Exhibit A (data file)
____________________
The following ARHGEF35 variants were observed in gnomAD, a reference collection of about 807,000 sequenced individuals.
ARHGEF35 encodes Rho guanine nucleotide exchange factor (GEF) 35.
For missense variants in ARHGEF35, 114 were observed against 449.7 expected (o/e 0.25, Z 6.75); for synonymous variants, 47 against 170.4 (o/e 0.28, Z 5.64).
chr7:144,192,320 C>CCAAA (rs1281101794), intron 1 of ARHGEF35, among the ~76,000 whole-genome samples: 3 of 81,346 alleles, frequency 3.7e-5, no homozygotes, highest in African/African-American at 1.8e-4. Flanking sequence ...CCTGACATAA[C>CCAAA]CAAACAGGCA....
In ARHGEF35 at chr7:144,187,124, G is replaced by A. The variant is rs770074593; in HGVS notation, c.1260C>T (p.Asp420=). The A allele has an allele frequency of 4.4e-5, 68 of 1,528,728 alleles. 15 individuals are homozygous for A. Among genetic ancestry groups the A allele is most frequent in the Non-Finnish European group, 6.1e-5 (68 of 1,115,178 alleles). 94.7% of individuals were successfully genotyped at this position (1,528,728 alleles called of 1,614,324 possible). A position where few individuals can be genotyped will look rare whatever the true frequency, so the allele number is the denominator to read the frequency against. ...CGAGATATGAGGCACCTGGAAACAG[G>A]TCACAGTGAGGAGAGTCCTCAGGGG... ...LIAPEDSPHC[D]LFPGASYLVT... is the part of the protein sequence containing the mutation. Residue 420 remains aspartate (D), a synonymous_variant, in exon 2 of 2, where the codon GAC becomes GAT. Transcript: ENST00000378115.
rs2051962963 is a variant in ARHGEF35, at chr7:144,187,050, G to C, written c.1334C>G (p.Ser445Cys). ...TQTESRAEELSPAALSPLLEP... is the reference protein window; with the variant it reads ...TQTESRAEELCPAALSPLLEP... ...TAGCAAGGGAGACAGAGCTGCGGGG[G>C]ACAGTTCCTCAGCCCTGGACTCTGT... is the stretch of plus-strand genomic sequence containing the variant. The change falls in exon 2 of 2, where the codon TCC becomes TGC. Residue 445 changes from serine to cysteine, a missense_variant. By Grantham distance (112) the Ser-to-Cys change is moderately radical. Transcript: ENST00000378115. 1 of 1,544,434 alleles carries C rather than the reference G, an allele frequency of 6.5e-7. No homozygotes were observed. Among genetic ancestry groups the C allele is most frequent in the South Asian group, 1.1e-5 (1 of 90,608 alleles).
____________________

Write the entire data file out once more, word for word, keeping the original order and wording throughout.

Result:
The following ARHGEF35 variants were observed in gnomAD, a reference collection of about 807,000 sequenced individuals.
ARHGEF35 encodes Rho guanine nucleotide exchange factor (GEF) 35.
For missense variants in ARHGEF35, 114 were observed against 449.7 expected (o/e 0.25, Z 6.75); for synonymous variants, 47 against 170.4 (o/e 0.28, Z 5.64).
chr7:144,192,320 C>CCAAA (rs1281101794), intron 1 of ARHGEF35, among the ~76,000 whole-genome samples: 3 of 81,346 alleles, frequency 3.7e-5, no homozygotes, highest in African/African-American at 1.8e-4. Flanking sequence ...CCTGACATAA[C>CCAAA]CAAACAGGCA....
In ARHGEF35 at chr7:144,187,124, G is replaced by A. The variant is rs770074593; in HGVS notation, c.1260C>T (p.Asp420=). The A allele has an allele frequency of 4.4e-5, 68 of 1,528,728 alleles. 15 individuals are homozygous for A. Among genetic ancestry groups the A allele is most frequent in the Non-Finnish European group, 6.1e-5 (68 of 1,115,178 alleles). 94.7% of individuals were successfully genotyped at this position (1,528,728 alleles called of 1,614,324 possible). A position where few individuals can be genotyped will look rare whatever the true frequency, so the allele number is the denominator to read the frequency against. ...CGAGATATGAGGCACCTGGAAACAG[G>A]TCACAGTGAGGAGAGTCCTCAGGGG... ...LIAPEDSPHC[D]LFPGASYLVT... is the part of the protein sequence containing the mutation. Residue 420 remains aspartate (D), a synonymous_variant, in exon 2 of 2, where the codon GAC becomes GAT. Transcript: ENST00000378115.
rs2051962963 is a variant in ARHGEF35, at chr7:144,187,050, G to C, written c.1334C>G (p.Ser445Cys). ...TQTESRAEELSPAALSPLLEP... is the reference protein window; with the variant it reads ...TQTESRAEELCPAALSPLLEP... ...TAGCAAGGGAGACAGAGCTGCGGGG[G>C]ACAGTTCCTCAGCCCTGGACTCTGT... is the stretch of plus-strand genomic sequence containing the variant. The change falls in exon 2 of 2, where the codon TCC becomes TGC. Residue 445 changes from serine to cysteine, a missense_variant. By Grantham distance (112) the Ser-to-Cys change is moderately radical. Transcript: ENST00000378115. 1 of 1,544,434 alleles carries C rather than the reference G, an allele frequency of 6.5e-7. No homozygotes were observed. Among genetic ancestry groups the C allele is most frequent in the South Asian group, 1.1e-5 (1 of 90,608 alleles).